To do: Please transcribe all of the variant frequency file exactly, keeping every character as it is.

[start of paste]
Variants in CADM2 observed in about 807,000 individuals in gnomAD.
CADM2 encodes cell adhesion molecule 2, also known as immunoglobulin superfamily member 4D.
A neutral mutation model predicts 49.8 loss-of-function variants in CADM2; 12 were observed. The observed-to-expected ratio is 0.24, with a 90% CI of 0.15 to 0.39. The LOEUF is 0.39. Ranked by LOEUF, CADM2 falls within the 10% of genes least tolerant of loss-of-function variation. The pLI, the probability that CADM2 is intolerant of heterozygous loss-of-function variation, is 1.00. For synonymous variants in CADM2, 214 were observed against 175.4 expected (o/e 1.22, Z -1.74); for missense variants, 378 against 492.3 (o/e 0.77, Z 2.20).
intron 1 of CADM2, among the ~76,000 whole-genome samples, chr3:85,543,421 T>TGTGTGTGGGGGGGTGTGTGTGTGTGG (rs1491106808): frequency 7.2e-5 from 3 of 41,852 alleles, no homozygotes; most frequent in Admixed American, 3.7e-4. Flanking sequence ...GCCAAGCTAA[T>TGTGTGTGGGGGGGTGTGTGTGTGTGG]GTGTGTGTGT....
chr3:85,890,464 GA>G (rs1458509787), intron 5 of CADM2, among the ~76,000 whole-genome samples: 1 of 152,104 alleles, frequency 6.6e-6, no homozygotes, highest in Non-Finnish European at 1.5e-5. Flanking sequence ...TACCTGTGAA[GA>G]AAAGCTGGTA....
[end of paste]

Variants in CADM2 observed in about 807,000 individuals in gnomAD.
CADM2 encodes cell adhesion molecule 2, also known as immunoglobulin superfamily member 4D.
A neutral mutation model predicts 49.8 loss-of-function variants in CADM2; 12 were observed. The observed-to-expected ratio is 0.24, with a 90% CI of 0.15 to 0.39. The LOEUF is 0.39. Ranked by LOEUF, CADM2 falls within the 10% of genes least tolerant of loss-of-function variation. The pLI, the probability that CADM2 is intolerant of heterozygous loss-of-function variation, is 1.00. For synonymous variants in CADM2, 214 were observed against 175.4 expected (o/e 1.22, Z -1.74); for missense variants, 378 against 492.3 (o/e 0.77, Z 2.20).
intron 1 of CADM2, among the ~76,000 whole-genome samples, chr3:85,543,421 T>TGTGTGTGGGGGGGTGTGTGTGTGTGG (rs1491106808): frequency 7.2e-5 from 3 of 41,852 alleles, no homozygotes; most frequent in Admixed American, 3.7e-4. Flanking sequence ...GCCAAGCTAA[T>TGTGTGTGGGGGGGTGTGTGTGTGTGG]GTGTGTGTGT....
chr3:85,890,464 GA>G (rs1458509787), intron 5 of CADM2, among the ~76,000 whole-genome samples: 1 of 152,104 alleles, frequency 6.6e-6, no homozygotes, highest in Non-Finnish European at 1.5e-5. Flanking sequence ...TACCTGTGAA[GA>G]AAAGCTGGTA....